Such small, precarious moments of victory are the best these characters can manage. In “Do Not Deny Me,” Julia, after the death of her boyfriend, is briefly lured by the mystical promise of the occult (clairvoyance, contact with the dead) but ultimately realizes that this is a way of dodging rather than facing her grief. In “Woman at the Well,” a woman serving a life sentence for murdering her husband attends a prison Bible Study group for lack of anything better to do, but when one of the inmates has an epileptic seizure, she’s jolted into compassion for another young prisoner, seeing in her a “sweet baby girl” where before she saw only a cruel tormenter. In “Treehouse,” Garrison builds a treehouse in his backyard, an utterly purposeless project for a man whose daughter and son are grown. Inexplicably alienated in his job, his marriage, even his relations with his children, Garrison pursues this project because “mindlessness was what he wanted. But you couldn’t go after it straight on. You couldn’t even really want it. You had to sneak up on it, forget all about it, and if you were lucky it showed itself, like a rare bird.” The true purpose of the treehouse is to provide himself with a refuge from a world “too cluttered with bewilderment and pain.”
The best stories in Do Not Deny Me make us feel the alienation and disorientation of Thompson’s characters as an experience that is paradoxically rich, emotionally and metaphorically. The precision and originality of her language enable us to inhabit this leached despair and feel how close it veers to genuine anguish, to the almost-possible investment of real feeling. Which is why we can sympathize with the incapacitated stroke victim who plots revenge on his controlling wife, or the calculating corporate hack who routinely betrays others but is spellbound when he watches a construction worker fall several stories to his death. Which is why we can be terrified—and once in a while consoled—by people who almost come to grips with the nameless source of their despair.
Yet some of the stories also feel thin. In “Little Brown Bird,’ the portrait of a woman who quilts in order to smother her confusion and pain comes off as sentimental, and a few other stories attempt to get too much from the trick of unreliable narration. At times race consciousness serves as a pat shorthand for the shortcomings of the main characters. Yet these failings reflect the challenges Thompson sets for herself and which she manages brilliantly in other stories. She’s determined to make the quotidian—lives lived on diminished terms—suggest a horror at the periphery, and to document the courage it takes to acknowledge this.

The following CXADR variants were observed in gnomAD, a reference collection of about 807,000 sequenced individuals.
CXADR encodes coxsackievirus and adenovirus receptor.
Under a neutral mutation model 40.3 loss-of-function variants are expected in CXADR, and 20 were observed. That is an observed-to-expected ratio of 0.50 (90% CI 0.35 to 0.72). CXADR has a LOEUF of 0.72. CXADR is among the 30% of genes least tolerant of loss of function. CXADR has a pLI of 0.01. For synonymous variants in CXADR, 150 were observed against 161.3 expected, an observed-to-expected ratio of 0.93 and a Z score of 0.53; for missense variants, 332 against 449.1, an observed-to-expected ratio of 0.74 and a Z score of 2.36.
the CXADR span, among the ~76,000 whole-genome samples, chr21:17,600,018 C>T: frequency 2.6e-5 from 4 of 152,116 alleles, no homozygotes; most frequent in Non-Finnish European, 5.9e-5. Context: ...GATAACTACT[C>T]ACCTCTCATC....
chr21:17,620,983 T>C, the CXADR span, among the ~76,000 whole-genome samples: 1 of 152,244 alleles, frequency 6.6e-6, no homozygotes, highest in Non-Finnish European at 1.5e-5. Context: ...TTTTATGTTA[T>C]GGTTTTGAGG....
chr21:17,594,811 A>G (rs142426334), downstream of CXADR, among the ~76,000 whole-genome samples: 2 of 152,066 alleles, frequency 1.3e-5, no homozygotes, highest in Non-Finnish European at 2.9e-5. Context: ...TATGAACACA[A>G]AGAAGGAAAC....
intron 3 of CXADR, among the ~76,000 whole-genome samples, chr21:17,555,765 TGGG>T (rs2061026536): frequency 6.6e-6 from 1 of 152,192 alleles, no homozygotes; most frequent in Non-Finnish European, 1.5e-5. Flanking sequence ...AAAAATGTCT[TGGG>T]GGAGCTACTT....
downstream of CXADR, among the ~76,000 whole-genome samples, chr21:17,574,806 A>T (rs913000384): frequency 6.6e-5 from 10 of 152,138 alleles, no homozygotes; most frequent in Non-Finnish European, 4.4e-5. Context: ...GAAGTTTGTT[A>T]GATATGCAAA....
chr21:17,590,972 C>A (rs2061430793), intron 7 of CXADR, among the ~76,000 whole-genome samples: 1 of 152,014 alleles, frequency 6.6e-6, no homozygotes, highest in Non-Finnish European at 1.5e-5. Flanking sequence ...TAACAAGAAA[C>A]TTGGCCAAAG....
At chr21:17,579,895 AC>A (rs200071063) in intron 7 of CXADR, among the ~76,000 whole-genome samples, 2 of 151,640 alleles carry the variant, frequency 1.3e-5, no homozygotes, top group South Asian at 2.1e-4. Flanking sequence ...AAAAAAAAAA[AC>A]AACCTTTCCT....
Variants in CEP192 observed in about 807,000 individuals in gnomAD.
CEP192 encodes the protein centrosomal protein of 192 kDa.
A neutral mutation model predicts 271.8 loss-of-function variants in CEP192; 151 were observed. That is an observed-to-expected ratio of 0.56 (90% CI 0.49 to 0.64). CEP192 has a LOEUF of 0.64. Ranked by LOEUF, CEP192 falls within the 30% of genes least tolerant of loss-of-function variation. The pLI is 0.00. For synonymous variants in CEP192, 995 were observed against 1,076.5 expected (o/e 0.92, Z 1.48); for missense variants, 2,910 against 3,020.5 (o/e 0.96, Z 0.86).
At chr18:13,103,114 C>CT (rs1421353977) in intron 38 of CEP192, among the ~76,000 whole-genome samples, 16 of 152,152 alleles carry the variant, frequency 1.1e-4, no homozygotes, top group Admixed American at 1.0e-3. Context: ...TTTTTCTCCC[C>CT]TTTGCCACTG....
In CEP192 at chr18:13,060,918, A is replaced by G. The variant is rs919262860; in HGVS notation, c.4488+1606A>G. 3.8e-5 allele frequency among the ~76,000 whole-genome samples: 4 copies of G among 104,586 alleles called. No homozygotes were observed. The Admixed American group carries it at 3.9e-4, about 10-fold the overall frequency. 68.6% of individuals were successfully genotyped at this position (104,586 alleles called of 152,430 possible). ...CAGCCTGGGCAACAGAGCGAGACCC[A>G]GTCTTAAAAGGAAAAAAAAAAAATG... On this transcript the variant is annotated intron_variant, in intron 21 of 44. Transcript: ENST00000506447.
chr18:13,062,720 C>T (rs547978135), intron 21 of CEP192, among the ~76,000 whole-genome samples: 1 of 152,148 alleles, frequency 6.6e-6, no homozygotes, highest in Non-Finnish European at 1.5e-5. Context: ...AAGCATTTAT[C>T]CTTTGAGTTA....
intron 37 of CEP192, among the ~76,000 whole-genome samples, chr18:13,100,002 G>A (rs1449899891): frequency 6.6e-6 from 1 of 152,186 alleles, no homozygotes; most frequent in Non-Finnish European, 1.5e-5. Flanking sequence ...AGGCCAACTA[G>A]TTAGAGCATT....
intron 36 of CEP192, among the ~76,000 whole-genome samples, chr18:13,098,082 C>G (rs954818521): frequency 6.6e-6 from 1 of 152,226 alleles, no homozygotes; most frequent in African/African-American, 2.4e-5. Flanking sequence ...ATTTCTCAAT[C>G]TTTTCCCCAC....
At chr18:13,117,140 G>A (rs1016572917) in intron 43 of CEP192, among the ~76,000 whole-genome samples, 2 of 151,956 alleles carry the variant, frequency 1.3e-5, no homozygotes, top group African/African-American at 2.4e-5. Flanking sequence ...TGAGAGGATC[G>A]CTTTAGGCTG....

And she’s going to war with the debased language of a media-saturated culture. In the last story in the book, “Her Untold Story,” the recently divorced Lynn watches reality TV, shows that “aimed to find the most miserable and deserving people in America and shower them with consumer goods: clothing, appliances, real estate.” Lynn’s own disappointments somehow do not live up to the standards of television hosts who do their “hopped up best to yank at the heartstrings,” and yet it’s in the acutely observed, quiet miseries that Thompson locates sympathy for her character and an odd hopefulness. The story ends as Lynn sets off with a fellow divorcée for a jog, her one strategy for warding off despair, and repeats to herself the catchphrase “joyful in our beings” until such time as joy might be possible for her again. This small declaration of faith beautifully evokes the aims of the work as a whole.